The 'Westworld' Season 2 Premiere Will Keep You Waiting Long Enough To Need Another TV Obsession
Every now and then, a show comes along that not only catches viewers' attention, but inspires them to spend thinking and theorizing about it long after the end credits have rolled. HBO's Westworld is the latest hit series built to do that by introducing mysteries that fans must trust the writers to eventually solve. While the show's many mysteries have been the subject of endless debate online, with a few key fan theories being confirmed as the season went on, the greatest question of all will be asked at the end of the Season 1 finale: when will Westworld return for Season 2?
The second season of Westworld has already been confirmed, which isn't much of a surprise considering that 3.3 million people tuned in to the premiere episode, making it the network's most successful drama premiere since Season 1 of True Detective. While the news of a second season of Westworld is exciting, it does come with an unfortunate caveat — the show may not come back until 2018. In an interview with Entertainment Weekly, HBO's programming president Casey Bloys speculated about when Season 2 could premiere and said:
"My suspicion is sometime in 2018 because of how big the world is and what goes into shooting it. So I don’t have a date exactly – they’re going to have to map it out and write the scripts – but my guess is sometime in ‘18."
That's right, 2017 might be a Westworld-less year. And even if the series defies Bloys' prediction and comes back in 2017, it surely wouldn't be until the fall or winter. Of course, that won't stop fans from continuing to theorize and look for clues hidden within the first season. But with only so much Westworld to go around, fans may find solace by digging into the other major sci-fi mystery shows that came before it.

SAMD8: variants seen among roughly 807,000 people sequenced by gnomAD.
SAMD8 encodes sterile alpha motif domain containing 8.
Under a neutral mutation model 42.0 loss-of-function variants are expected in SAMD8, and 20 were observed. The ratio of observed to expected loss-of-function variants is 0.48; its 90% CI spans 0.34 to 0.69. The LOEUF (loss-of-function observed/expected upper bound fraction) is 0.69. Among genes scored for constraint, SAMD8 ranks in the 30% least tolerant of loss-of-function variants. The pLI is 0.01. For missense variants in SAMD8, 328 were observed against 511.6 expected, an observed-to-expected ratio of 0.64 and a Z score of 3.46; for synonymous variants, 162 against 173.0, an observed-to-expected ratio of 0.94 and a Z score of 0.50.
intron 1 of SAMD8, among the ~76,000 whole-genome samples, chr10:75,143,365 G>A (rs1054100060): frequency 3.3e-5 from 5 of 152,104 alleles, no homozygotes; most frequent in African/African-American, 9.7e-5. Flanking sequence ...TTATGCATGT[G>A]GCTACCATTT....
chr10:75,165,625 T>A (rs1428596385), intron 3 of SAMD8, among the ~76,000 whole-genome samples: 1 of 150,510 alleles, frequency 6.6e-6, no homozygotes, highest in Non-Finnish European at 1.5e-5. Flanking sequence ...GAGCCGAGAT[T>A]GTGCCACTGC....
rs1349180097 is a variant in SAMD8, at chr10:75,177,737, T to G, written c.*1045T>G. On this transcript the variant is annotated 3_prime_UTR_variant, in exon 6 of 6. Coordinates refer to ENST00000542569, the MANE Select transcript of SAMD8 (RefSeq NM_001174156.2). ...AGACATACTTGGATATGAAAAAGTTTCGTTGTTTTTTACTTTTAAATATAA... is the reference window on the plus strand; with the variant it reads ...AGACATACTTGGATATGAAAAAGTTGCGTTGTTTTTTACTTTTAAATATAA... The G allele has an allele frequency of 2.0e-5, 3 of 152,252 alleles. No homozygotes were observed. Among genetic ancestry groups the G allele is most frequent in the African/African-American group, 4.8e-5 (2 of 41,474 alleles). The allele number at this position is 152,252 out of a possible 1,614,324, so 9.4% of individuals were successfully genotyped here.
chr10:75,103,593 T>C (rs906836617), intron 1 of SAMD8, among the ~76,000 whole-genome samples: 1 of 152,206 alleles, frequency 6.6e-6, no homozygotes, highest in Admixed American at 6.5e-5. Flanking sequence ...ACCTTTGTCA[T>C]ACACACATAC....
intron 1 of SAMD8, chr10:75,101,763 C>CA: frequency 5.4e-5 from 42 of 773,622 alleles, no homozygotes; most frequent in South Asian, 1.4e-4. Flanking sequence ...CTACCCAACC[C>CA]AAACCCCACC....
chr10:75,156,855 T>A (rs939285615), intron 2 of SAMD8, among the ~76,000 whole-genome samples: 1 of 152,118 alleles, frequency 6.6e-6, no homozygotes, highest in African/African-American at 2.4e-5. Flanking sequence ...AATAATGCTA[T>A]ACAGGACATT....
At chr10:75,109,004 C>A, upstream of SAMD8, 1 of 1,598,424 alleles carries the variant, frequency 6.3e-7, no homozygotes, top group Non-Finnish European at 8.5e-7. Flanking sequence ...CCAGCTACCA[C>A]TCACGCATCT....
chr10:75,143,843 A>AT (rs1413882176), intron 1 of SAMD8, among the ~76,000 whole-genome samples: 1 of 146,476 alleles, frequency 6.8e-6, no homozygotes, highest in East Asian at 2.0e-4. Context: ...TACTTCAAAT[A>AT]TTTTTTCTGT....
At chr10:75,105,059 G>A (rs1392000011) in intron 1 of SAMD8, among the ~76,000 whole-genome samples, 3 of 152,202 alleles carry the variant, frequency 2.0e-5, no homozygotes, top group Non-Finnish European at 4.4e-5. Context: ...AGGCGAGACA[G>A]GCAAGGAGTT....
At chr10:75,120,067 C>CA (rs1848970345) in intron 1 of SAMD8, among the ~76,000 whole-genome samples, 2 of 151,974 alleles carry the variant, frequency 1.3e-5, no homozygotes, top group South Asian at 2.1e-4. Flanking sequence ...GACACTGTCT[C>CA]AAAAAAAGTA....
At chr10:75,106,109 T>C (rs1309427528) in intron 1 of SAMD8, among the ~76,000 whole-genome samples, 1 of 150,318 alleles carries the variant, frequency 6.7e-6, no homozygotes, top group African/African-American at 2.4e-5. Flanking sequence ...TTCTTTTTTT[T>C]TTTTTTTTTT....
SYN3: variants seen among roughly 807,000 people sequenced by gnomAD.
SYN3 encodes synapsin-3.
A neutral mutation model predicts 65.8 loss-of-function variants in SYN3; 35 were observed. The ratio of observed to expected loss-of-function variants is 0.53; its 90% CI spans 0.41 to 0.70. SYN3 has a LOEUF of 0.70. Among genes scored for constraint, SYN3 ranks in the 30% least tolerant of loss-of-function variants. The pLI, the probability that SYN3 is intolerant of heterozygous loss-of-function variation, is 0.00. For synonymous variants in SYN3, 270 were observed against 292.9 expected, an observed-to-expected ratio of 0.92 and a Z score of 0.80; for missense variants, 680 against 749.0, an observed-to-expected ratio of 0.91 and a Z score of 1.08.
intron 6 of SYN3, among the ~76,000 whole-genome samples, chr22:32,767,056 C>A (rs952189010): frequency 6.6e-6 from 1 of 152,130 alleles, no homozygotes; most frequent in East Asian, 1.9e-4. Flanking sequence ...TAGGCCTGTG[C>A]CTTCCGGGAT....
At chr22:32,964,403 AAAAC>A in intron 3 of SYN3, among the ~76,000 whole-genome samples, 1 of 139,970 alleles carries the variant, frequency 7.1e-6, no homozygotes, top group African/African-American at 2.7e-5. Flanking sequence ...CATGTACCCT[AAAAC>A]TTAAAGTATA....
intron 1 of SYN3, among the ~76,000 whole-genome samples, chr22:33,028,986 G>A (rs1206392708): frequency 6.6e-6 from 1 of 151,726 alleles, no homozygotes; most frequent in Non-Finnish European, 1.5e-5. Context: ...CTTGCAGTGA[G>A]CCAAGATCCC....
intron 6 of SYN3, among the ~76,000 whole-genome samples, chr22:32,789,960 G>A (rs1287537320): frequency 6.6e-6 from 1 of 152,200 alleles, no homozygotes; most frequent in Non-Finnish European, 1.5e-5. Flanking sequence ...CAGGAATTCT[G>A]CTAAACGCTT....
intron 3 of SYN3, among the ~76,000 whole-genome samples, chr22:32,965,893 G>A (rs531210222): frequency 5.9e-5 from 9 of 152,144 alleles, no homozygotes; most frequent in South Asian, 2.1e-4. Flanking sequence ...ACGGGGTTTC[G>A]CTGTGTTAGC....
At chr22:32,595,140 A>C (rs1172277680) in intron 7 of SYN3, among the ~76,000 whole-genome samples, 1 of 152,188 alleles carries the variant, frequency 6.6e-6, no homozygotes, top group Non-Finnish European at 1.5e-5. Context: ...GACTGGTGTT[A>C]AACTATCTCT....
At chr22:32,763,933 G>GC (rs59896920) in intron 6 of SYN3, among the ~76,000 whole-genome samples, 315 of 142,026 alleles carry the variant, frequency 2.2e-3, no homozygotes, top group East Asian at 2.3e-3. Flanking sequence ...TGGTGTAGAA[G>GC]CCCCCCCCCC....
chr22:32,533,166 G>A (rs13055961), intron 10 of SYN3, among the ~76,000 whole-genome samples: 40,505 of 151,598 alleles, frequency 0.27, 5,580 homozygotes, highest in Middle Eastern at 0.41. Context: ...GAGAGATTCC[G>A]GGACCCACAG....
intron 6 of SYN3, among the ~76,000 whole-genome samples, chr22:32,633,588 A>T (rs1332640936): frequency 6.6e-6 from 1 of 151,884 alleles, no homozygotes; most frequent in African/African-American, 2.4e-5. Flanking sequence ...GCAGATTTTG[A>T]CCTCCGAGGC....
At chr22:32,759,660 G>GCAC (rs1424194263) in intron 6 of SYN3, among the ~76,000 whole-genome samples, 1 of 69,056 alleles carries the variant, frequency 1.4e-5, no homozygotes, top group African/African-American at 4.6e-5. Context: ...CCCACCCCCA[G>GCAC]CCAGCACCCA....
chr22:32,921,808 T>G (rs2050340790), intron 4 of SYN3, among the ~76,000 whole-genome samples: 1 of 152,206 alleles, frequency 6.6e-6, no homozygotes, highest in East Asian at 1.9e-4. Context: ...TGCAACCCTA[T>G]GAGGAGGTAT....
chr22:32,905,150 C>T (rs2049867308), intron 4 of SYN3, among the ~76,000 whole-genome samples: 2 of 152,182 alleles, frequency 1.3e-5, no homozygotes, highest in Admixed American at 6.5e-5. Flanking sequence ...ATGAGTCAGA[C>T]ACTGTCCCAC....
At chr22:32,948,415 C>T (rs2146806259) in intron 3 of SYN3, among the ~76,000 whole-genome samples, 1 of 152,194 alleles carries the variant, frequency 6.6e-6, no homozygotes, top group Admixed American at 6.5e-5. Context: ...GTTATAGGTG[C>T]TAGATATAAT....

It's almost impossible to talk about Westworld's place in television history without talking about LOST. They're both series that introduce massive mysteries and trust the audience to come along for the ride with the promise of answers somewhere down the line. While Westworld seems to be answering questions at a breakneck pace, LOST fans waited for years to answer simple questions like "What is the deal with the Polar bears?" and "why is Walt magic?" and "How do they all stay so clean and well-groomed?" If you want to dive into Westworld's roots, there's no better place to start than LOST.
If you replace the "west" in Westworld with "space," you end up with Battlestar Galactica. This series turns the sci-fi dial up to 10 tell while asking the all-important question, "which of these characters is secretly a robot?" The story of humanity's last survivors looking for a place to start over, Battlestar Galactica mixes thrilling space battles with musings on the nature of humanity and the inherent conflict between military and political forces. It's a show with a lot on its mind and mysteries around every corner.
The Leftovers is what would happen if one of the creative minds behind LOST said, "LOST made too much sense, let's make something really obtuse." Oddly enough, that's literally what happened. The Leftovers comes from the mind of LOST co-showrunner Damon Lindelof and is as beautiful as it is confusing. Based on the book by Tom Perrotta, the show highlights what happens after 2 percent of the world's population mysteriously disappears and also features massive time jumps, incurable diseases being inexplicably fixed, and the occasional trip to an otherworldly hotel to kill the alternate-reality version of the ghost cult-leader woman that has been haunting her murderer. With its third and final season premiering in 2017, you have just enough time to catch up and start theorizing before The Leftovers comes to an end.
Westworld may be going off the air for a while after the Dec. 4 season finale, but it won't be leaving fans' minds anytime soon. What the series lacks in clear answers it makes up for in strong performances, beautiful visuals, and enough high-minded speculative fiction to keep even the most well-read sci-fi fan engaged until Season 2 premieres.
Images: John P. Johnson/HBO, Giphy (3)